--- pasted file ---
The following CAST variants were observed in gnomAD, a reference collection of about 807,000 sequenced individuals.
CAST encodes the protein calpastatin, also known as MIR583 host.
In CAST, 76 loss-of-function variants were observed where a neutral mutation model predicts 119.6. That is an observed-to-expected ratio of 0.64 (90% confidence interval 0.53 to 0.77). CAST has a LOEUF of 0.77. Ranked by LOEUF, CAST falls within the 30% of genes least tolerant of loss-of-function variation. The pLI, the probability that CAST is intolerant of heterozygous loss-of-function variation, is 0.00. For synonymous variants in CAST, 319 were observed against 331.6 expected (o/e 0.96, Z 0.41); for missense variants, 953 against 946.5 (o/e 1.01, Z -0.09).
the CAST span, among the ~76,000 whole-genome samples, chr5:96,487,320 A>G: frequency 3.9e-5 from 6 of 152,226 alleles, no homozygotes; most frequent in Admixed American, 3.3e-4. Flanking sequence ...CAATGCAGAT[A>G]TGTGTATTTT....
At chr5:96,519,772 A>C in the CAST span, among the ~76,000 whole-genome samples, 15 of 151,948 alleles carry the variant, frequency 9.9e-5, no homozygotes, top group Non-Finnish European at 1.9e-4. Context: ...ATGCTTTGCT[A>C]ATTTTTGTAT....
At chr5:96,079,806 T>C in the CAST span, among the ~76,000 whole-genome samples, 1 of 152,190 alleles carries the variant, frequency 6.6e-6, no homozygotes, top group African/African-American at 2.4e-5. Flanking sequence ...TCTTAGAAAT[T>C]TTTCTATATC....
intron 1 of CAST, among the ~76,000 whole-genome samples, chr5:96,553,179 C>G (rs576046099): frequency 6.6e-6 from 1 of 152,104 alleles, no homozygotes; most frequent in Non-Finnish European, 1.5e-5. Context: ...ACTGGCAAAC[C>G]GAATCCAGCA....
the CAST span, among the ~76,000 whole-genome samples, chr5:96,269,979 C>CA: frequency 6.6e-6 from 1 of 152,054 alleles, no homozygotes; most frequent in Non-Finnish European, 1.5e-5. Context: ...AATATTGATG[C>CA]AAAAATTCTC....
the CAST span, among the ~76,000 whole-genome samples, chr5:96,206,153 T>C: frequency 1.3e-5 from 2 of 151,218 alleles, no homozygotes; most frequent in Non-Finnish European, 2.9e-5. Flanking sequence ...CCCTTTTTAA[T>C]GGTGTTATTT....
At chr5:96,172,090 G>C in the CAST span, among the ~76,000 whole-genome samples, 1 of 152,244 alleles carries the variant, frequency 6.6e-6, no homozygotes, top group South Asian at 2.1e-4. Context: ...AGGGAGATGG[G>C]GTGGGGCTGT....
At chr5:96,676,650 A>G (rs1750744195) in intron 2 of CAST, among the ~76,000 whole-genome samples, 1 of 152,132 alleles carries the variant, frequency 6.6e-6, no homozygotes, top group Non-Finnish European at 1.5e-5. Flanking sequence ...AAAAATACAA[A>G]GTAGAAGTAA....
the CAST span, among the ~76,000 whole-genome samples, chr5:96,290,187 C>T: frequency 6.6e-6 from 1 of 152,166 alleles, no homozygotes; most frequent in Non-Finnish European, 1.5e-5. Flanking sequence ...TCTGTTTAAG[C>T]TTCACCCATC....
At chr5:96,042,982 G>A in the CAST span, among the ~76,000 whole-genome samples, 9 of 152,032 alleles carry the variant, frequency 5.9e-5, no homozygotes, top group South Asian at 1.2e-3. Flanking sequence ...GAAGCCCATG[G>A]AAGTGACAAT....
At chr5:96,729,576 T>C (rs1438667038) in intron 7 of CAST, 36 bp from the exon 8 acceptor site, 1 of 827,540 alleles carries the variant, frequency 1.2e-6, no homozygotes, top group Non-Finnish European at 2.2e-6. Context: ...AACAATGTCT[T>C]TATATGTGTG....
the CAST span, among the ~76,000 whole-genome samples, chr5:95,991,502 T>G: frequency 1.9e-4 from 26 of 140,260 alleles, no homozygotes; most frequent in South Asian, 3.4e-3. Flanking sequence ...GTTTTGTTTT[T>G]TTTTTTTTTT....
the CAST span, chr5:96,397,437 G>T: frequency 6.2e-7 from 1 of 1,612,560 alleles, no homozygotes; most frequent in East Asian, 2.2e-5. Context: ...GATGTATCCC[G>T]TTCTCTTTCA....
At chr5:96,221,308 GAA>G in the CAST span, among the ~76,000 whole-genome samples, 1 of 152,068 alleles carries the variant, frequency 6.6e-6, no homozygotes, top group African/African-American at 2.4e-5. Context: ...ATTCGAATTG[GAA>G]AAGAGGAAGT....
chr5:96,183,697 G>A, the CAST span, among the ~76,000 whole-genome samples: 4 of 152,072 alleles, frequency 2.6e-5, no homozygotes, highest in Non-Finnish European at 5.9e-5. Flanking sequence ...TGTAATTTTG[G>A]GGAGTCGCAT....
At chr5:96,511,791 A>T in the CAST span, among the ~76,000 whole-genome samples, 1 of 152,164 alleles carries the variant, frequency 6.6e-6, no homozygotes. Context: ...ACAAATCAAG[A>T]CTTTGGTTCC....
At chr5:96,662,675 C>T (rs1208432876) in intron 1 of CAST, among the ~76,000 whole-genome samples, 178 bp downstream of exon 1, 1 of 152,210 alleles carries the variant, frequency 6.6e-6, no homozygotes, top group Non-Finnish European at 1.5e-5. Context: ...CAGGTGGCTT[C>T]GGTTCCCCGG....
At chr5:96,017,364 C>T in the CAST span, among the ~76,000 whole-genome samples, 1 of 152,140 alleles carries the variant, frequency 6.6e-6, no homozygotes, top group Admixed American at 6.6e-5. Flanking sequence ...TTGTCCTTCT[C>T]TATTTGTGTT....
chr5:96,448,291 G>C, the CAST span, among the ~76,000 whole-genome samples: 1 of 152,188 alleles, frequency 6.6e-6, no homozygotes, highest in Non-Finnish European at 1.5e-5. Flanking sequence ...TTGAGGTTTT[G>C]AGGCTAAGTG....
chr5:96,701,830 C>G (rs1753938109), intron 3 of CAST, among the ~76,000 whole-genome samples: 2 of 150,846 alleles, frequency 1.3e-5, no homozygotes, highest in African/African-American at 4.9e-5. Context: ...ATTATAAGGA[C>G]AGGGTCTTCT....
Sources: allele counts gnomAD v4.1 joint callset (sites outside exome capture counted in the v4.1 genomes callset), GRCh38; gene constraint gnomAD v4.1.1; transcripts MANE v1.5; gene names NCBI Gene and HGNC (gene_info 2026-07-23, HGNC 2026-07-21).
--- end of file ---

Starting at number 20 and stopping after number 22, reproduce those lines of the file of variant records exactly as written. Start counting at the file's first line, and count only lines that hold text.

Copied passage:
At chr5:96,662,675 C>T (rs1208432876) in intron 1 of CAST, among the ~76,000 whole-genome samples, 178 bp downstream of exon 1, 1 of 152,210 alleles carries the variant, frequency 6.6e-6, no homozygotes, top group Non-Finnish European at 1.5e-5. Context: ...CAGGTGGCTT[C>T]GGTTCCCCGG....
At chr5:96,017,364 C>T in the CAST span, among the ~76,000 whole-genome samples, 1 of 152,140 alleles carries the variant, frequency 6.6e-6, no homozygotes, top group Admixed American at 6.6e-5. Flanking sequence ...TTGTCCTTCT[C>T]TATTTGTGTT....
chr5:96,448,291 G>C, the CAST span, among the ~76,000 whole-genome samples: 1 of 152,188 alleles, frequency 6.6e-6, no homozygotes, highest in Non-Finnish European at 1.5e-5. Flanking sequence ...TTGAGGTTTT[G>C]AGGCTAAGTG....